A few careful scissors snips into the intestine and stomach, and voila: a turtle’s last meal is ready to be inspected under a microscope. Everything found inside, both plastic and not, gets stored in vials and labeled for future reference. “We then tuck the organs back inside, replace the plastron, and tie the turtle at midbody with string so that nothing falls apart when you put the turtle back in the jar.”

Plastics recovered from red-eared slider specimens
Plastic fragments recovered from NHM Herpetology turtle specimens and identified with a Raman spectrometer at the NHM
Adam Clause

Even in lockdown, cross-departmental collaboration is one of the advantages of working at NHM. Dr. Aaron Celestian, NHM’s Curator of Mineral Sciences, offered invaluable expertise. “One of the more exciting things for me was the chance to join forces in this way. It really benefited the precision of our study,” notes Clause. Using a Raman spectrometer, Dr. Celestian confirmed that the recovered material was plastic, and even what item it came from. The Raman spectrometer uses a laser to produce a chemical signature of an unknown material, which can then be compared to known signatures from different types of plastic. 

They discovered that almost 8% of turtles had eaten plastic, across all age ranges. This included blue bits identified as likely being from a nitrile exam glove, suggesting that even before the pandemic, litter from personal protective equipment was entering freshwater systems. The complete results of the study were recently published in the journal Scientific Reports. Without further research, Clause can’t say definitively how deep plastics have wormed their way into the turtle food chain.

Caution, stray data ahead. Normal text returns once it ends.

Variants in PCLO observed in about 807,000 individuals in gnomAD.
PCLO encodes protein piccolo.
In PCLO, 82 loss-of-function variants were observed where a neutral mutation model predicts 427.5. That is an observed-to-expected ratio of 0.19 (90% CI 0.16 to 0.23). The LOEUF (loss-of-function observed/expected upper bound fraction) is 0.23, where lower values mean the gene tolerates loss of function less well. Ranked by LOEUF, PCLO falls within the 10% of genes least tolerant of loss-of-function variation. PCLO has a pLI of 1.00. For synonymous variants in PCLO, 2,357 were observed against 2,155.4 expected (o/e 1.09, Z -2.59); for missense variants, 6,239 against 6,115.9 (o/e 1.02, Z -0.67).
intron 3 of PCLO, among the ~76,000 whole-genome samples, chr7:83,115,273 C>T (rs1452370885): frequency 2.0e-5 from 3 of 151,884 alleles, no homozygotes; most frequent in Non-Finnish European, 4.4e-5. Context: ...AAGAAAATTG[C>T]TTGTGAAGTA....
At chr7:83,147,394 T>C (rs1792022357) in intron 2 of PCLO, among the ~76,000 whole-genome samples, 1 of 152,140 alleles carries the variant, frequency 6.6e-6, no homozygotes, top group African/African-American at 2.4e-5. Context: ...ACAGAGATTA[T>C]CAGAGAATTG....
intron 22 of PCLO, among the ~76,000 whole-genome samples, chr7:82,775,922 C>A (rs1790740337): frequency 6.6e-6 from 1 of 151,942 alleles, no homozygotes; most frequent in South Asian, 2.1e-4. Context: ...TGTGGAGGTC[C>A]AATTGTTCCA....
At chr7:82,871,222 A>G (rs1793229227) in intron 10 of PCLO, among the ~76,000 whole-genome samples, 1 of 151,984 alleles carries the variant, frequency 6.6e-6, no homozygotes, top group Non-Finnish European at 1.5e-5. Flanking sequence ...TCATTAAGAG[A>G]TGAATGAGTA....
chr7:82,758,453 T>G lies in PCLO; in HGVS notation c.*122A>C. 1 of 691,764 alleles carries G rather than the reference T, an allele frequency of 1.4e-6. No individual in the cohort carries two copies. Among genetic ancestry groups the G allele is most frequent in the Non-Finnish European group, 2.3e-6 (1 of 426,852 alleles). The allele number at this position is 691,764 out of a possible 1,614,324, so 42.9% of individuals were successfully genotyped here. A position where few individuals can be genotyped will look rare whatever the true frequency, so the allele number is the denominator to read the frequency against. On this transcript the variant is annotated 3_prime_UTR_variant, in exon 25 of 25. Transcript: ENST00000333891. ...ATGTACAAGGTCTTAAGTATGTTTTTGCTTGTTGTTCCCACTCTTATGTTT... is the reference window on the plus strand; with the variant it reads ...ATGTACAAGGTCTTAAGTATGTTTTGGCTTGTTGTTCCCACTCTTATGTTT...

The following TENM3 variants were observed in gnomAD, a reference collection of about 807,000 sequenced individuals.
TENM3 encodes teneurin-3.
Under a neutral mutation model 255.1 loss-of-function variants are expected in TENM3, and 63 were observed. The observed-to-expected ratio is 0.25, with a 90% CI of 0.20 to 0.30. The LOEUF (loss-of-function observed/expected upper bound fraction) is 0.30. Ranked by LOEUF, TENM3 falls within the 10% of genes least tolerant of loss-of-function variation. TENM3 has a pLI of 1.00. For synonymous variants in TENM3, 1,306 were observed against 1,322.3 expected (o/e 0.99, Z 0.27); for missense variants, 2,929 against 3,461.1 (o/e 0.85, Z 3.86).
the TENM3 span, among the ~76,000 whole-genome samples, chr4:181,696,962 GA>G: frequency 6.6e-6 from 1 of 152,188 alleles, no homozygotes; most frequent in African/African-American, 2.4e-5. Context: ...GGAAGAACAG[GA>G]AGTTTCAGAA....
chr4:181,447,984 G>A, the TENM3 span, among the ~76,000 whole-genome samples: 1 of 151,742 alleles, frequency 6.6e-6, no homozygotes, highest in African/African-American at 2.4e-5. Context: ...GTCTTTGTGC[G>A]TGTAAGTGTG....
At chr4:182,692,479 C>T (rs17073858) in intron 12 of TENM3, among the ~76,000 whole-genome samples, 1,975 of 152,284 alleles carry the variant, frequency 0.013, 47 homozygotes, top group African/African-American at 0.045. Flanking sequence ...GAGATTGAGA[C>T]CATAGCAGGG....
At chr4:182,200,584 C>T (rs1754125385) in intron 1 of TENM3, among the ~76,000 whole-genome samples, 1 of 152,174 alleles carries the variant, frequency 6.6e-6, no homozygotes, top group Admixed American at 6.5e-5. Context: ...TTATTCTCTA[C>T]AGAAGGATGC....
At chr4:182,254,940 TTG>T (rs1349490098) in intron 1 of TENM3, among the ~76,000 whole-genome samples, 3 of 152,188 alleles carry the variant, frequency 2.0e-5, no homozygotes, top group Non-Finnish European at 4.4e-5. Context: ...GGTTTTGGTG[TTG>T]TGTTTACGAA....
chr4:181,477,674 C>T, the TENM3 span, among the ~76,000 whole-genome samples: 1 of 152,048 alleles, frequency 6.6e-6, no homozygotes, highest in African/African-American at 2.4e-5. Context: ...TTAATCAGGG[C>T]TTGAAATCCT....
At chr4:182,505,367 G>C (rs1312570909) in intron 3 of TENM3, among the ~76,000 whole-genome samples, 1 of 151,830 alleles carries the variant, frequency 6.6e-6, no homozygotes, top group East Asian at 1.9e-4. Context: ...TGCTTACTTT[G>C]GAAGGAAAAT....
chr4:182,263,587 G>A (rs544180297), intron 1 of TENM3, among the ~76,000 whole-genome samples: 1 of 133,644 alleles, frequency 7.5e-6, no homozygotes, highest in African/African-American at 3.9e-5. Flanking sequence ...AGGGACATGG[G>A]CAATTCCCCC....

This is just the first step in understanding the damage plastics might be doing to Earth’s freshwater turtles. The next step? “We want to study this elsewhere, and with more species,” Clause says. This study involved just one site, and they’ll need to go back in the field to look at other sites to get a fuller picture. “Places where turtles live near cities are some of our top choices,” notes Clause, because turtles there probably encounter more plastic litter than in wildland areas. The NHM researchers are also promoting the idea of regularly looking for plastic in non-native red-eared slider turtles—which are being actively removed worldwide to protect rare native turtles. “We think that those sliders are a useful model or proxy for what other turtles could be eating, because euthanizing lots of endangered turtles to look for plastic in their guts is a no-go,” explains Clause. 

Along with museum closures, the pandemic has brought much field work to a halt, so these next steps will have to wait, at least for a while. Air travel is out of the picture for museum researchers, but rethinking international collaboration has been a silver lining of the pandemic. Travel restrictions have forced international conferences to adopt more accessible and environmentally friendly approaches. “Post-pandemic, I'd like to see a continued mix of traditional in-person conferences and also virtual conferences,” Clause says. Sharing research virtually helps to lower participation barriers, opening up research to a broader audience. “When research has global implications, communicating the results equitably is particularly vital,” Clause says. 
For now, whether he’s doing it from his desk at home or at NHM, the work goes on. Like a lot of us, Clause is looking forward to returning to the museum, but he’s found ways to stay focused at home. Exercise helps: “It lets me get my blood flowing, clears my mind, and then I can refocus on turtles.”